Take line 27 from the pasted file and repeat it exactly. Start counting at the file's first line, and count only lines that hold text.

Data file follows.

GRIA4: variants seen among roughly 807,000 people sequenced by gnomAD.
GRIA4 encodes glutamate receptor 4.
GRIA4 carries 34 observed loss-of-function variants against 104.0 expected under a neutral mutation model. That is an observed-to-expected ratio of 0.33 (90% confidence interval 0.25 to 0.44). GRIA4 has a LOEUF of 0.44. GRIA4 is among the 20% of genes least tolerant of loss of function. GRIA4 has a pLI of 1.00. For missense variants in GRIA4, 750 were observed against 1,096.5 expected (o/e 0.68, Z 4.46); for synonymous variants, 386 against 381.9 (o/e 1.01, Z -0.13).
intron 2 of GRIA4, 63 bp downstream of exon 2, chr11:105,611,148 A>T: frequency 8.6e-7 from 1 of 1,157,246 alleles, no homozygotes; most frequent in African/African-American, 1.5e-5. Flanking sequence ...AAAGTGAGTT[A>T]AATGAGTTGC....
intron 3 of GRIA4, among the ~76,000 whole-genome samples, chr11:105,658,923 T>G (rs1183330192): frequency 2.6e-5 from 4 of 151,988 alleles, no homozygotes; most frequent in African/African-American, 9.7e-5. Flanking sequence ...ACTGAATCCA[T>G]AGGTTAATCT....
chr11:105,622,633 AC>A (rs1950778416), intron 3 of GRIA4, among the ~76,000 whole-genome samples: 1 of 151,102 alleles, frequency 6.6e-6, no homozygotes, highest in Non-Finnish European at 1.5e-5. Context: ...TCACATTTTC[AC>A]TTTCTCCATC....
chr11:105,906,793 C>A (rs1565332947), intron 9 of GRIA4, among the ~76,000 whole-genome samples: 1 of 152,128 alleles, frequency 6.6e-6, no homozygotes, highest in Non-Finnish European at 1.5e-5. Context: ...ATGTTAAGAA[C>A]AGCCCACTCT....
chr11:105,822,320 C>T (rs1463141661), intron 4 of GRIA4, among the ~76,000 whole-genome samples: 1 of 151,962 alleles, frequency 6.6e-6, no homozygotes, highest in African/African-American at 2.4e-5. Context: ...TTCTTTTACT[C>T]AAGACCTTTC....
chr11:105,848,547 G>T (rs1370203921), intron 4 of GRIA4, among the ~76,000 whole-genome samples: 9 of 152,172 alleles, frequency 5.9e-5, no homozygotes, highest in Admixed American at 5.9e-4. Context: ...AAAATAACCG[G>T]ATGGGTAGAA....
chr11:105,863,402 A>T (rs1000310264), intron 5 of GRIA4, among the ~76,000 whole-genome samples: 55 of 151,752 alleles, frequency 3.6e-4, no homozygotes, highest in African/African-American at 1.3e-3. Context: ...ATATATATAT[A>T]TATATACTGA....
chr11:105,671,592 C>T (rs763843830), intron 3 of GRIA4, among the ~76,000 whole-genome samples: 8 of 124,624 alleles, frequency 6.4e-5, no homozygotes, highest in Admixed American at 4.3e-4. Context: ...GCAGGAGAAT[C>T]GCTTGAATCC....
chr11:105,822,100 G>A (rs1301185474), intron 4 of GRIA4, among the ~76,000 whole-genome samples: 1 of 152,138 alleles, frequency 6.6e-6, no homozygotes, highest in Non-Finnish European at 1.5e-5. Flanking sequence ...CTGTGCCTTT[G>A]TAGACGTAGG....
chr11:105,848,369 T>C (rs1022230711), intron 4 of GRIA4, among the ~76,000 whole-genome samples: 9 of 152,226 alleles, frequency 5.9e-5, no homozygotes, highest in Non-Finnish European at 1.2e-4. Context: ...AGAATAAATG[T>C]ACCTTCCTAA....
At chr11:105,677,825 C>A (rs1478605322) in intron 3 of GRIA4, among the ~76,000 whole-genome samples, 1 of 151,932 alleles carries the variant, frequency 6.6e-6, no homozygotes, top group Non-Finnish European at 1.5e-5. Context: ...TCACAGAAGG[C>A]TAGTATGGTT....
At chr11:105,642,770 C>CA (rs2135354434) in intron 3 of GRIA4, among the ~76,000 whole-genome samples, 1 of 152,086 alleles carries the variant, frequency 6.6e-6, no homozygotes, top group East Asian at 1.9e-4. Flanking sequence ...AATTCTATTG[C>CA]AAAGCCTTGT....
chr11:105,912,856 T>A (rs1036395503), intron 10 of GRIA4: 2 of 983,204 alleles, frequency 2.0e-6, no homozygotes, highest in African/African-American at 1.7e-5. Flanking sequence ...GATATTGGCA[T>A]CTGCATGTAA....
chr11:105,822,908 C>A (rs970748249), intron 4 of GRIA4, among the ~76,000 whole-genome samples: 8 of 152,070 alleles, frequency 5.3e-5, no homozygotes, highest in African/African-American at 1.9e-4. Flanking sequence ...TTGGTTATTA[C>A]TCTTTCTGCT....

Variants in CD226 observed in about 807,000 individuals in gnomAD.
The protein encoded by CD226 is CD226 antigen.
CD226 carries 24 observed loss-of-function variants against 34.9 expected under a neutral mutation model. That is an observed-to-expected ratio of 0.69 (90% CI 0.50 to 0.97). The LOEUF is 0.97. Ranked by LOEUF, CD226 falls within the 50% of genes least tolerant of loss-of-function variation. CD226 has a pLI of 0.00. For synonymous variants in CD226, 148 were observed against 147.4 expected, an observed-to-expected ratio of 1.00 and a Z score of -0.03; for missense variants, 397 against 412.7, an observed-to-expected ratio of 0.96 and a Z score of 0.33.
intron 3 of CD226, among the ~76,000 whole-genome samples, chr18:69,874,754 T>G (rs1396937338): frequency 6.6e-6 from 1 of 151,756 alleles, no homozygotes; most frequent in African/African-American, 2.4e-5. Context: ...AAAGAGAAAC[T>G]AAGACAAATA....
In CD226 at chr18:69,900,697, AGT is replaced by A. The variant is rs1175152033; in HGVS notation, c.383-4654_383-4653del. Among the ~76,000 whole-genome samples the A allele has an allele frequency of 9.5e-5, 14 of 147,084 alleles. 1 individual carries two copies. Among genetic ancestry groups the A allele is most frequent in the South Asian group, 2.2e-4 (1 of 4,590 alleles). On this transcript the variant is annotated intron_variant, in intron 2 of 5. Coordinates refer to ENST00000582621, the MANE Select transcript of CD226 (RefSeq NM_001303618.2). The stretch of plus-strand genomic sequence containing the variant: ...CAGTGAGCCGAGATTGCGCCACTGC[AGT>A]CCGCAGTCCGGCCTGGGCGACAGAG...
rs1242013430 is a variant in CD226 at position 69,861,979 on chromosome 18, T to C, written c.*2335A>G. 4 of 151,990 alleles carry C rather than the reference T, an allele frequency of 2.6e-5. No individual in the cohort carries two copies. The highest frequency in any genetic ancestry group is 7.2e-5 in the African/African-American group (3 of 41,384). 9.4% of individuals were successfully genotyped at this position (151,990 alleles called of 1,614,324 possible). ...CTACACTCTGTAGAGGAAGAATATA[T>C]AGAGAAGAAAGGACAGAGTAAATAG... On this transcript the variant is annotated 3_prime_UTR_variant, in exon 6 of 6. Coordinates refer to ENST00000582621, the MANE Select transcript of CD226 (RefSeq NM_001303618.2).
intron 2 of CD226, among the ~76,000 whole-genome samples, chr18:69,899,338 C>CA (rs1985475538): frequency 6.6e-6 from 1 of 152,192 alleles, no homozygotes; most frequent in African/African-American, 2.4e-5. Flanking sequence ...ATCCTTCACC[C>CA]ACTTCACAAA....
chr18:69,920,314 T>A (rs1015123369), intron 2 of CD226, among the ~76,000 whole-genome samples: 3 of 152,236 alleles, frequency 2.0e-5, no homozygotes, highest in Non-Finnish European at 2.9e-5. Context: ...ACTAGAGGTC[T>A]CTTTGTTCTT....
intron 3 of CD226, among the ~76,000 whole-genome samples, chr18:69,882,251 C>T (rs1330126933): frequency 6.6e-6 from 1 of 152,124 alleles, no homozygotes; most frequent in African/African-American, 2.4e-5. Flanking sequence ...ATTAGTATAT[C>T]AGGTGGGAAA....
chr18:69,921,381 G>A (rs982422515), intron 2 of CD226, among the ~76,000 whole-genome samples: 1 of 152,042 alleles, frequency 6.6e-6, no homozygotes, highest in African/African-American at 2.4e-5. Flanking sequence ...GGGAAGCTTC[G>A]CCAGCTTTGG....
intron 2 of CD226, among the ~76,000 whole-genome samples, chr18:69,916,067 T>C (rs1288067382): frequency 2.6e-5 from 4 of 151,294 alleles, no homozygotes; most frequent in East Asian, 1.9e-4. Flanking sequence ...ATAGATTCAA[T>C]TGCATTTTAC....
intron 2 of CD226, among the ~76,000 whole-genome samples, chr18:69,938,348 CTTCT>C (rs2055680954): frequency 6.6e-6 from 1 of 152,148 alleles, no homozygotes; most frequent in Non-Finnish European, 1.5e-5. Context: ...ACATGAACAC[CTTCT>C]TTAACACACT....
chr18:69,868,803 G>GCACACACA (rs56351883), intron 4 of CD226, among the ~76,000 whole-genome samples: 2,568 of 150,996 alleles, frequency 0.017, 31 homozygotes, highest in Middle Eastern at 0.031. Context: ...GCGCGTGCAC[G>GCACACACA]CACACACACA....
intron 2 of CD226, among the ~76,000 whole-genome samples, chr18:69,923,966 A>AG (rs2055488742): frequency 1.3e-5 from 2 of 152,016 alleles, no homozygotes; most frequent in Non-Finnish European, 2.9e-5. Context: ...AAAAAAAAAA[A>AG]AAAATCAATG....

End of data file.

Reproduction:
chr18:69,921,381 G>A (rs982422515), intron 2 of CD226, among the ~76,000 whole-genome samples: 1 of 152,042 alleles, frequency 6.6e-6, no homozygotes, highest in African/African-American at 2.4e-5. Flanking sequence ...GGGAAGCTTC[G>A]CCAGCTTTGG....